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  1. #1

    Thumbs down Litter and Litters?

    litters??? (I don't think that makes sense...)

    Put in a sentence:

    There are some litters out there.

    There are garbages everywhere.

  2. Brian Boyd's Avatar

    • Join Date: Dec 2005
    • Posts: 53

    Re: Litter and Litters?

    Litter is an uncountable noun, so it is always singular:

    There's too much litter.

    Look at all this litter. Someone should pick it up.

    Does your city have a lot of litter?


    When you use litter in a different meaning, such as a litter of kittens (when a cat has babies).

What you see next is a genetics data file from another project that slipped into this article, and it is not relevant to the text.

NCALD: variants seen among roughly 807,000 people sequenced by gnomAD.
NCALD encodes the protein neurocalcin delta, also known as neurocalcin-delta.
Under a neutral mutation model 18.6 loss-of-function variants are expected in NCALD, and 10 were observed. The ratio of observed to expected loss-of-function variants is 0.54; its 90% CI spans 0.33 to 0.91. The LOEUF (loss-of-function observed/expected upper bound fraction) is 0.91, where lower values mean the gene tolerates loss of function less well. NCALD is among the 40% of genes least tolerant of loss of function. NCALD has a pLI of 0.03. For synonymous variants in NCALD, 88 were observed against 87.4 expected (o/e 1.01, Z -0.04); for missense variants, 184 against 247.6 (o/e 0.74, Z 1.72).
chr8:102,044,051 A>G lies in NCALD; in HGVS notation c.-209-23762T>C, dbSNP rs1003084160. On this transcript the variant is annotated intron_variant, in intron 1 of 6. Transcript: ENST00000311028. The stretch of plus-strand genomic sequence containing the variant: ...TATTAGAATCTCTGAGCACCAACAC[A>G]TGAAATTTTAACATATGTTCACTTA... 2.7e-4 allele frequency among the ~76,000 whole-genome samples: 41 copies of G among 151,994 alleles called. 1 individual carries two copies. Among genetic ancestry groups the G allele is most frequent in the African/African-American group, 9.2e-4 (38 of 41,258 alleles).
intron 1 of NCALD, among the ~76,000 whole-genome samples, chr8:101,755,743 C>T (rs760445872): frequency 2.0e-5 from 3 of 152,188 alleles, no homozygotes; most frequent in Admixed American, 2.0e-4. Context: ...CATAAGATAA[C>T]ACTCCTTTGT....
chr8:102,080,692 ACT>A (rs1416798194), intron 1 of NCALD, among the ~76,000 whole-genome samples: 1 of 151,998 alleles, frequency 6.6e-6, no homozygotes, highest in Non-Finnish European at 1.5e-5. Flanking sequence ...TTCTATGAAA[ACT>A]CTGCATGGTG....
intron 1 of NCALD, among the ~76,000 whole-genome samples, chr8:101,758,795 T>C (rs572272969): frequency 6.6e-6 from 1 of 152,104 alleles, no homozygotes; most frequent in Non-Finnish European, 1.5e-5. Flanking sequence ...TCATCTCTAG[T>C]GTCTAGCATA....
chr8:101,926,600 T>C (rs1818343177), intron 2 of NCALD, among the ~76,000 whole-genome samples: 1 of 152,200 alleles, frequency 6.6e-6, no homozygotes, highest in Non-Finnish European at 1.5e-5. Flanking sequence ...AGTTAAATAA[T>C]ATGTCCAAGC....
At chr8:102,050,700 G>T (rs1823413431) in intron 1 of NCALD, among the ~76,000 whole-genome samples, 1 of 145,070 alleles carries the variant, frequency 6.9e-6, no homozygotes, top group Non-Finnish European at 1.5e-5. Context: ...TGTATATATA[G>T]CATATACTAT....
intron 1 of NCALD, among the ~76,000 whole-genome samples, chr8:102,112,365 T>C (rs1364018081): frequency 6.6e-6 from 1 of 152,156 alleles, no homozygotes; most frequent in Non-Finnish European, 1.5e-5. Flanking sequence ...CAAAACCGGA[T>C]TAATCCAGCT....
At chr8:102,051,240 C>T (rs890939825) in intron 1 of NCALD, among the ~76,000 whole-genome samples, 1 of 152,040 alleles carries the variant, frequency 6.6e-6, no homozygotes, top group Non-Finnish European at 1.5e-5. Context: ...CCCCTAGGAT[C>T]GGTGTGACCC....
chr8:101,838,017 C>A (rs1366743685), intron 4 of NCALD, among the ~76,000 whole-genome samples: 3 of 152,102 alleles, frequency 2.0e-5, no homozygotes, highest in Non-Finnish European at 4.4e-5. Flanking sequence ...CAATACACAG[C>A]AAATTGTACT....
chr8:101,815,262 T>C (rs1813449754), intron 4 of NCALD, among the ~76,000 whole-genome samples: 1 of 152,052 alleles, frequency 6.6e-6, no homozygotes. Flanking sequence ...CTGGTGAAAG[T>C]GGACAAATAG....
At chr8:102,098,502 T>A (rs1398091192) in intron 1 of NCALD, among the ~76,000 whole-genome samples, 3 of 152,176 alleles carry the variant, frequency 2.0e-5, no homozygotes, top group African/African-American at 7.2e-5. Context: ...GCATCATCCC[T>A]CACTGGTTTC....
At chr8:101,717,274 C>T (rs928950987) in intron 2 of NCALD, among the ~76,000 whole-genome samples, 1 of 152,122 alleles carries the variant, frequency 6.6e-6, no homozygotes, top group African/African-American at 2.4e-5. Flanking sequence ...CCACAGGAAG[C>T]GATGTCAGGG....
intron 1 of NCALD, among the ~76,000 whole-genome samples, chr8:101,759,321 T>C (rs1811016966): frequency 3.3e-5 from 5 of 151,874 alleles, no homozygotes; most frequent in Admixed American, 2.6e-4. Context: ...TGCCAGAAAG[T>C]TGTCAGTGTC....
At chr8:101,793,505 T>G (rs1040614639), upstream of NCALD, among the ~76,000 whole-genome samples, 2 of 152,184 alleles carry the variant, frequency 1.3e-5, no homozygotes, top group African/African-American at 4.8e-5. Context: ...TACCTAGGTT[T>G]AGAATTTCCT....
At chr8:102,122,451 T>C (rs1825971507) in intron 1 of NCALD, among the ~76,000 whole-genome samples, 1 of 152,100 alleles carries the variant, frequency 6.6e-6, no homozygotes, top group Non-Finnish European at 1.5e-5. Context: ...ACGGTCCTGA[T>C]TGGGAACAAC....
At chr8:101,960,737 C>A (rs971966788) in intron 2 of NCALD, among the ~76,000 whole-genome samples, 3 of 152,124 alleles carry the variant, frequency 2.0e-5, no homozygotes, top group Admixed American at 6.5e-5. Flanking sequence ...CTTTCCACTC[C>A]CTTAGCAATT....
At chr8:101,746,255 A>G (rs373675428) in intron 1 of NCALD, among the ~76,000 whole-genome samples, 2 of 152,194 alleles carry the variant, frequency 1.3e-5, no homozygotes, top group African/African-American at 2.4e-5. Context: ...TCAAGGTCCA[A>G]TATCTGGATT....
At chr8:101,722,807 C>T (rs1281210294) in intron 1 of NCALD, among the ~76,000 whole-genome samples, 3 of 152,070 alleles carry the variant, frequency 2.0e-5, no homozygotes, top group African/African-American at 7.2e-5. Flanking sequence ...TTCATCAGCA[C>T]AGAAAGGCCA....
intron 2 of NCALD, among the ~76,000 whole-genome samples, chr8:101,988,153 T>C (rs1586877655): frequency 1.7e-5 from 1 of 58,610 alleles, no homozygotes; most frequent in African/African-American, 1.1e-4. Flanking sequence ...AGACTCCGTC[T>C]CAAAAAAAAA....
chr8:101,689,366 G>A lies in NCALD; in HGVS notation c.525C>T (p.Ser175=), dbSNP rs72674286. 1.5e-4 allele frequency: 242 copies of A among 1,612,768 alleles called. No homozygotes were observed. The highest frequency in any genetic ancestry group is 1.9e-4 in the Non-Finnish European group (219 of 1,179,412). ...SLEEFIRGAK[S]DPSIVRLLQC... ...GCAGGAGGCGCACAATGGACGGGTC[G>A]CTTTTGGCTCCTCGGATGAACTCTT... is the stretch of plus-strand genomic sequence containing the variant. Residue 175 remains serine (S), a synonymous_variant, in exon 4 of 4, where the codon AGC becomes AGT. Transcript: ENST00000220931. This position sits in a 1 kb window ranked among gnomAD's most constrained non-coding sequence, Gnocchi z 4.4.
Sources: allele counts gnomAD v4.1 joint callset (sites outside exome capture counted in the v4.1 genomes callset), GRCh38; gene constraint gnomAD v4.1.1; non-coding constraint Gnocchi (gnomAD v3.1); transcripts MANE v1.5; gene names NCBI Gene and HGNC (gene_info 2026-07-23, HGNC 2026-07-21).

My cat is five years old and she has had three litters. (litters of kittens are countable)


    COMICS for students - Grammarman Comic


  3. Newbie
    • Member Info
      • Native Language:
      • Telugu
      • Home Country:
      • India
      • Current Location:
      • India

    • Join Date: Jul 2008
    • Posts: 6

    Re: Litter and Litters?

    I agree with Mr. Brain Boyd. However, if litter, as a verb, is used with third person singlers, i.e. he, she or it, it takes 's'. For instance "I never litter. But my child litters a lot."Raveendra


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